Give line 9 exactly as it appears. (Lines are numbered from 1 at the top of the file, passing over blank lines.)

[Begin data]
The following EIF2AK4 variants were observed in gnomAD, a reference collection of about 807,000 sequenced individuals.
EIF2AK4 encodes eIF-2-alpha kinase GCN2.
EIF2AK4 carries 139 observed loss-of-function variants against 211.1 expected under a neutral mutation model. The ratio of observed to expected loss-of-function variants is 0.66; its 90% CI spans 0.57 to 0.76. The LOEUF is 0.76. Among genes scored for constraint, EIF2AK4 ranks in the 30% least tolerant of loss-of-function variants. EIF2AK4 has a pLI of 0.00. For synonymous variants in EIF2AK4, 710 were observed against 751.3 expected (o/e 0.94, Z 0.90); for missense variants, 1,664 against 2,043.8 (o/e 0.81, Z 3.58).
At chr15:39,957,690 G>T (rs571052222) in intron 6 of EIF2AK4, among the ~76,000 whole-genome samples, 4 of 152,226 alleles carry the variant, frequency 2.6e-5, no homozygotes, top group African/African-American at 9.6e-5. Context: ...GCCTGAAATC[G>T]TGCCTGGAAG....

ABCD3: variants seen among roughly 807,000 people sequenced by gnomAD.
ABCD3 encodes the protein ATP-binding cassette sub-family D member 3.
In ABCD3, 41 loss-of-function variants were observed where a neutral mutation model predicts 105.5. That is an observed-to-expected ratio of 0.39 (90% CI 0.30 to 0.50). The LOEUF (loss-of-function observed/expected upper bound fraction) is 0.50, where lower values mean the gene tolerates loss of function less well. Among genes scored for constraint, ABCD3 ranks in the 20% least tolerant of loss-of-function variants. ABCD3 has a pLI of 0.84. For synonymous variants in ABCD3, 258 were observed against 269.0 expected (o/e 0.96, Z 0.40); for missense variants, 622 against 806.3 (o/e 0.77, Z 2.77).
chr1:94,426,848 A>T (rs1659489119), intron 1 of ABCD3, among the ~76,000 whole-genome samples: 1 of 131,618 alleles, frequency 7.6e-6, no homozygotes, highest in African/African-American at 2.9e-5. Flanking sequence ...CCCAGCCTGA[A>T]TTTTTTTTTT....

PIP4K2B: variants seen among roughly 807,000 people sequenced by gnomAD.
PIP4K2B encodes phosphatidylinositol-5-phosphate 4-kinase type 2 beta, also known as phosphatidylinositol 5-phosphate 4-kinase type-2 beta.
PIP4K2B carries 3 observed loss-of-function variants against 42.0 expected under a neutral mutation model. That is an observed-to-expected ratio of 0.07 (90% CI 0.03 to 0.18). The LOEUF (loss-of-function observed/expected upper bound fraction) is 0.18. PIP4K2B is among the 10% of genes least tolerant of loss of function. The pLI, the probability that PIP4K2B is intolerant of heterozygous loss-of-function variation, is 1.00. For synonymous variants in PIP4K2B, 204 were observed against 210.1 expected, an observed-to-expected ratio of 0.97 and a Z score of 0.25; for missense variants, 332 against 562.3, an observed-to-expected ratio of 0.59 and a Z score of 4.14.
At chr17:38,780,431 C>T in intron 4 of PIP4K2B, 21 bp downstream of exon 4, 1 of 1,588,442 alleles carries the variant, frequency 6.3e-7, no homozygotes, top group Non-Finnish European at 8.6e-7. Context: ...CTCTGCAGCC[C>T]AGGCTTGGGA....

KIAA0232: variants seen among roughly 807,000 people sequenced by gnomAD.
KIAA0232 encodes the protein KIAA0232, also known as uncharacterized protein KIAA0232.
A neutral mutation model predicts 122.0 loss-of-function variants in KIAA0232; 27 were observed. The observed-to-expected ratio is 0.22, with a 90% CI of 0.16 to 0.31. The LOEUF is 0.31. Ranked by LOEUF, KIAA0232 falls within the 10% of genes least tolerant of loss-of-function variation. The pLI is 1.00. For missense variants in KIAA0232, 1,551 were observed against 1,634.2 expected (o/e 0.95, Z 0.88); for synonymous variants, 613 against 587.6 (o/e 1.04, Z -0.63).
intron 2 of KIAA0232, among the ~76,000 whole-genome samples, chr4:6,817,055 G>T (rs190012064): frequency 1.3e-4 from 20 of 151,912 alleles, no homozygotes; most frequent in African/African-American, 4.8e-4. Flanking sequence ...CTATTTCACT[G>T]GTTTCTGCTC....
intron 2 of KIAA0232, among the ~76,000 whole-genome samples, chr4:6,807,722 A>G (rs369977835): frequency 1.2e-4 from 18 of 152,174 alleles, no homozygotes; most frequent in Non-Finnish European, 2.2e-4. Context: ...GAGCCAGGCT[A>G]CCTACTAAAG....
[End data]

PIP4K2B: variants seen among roughly 807,000 people sequenced by gnomAD.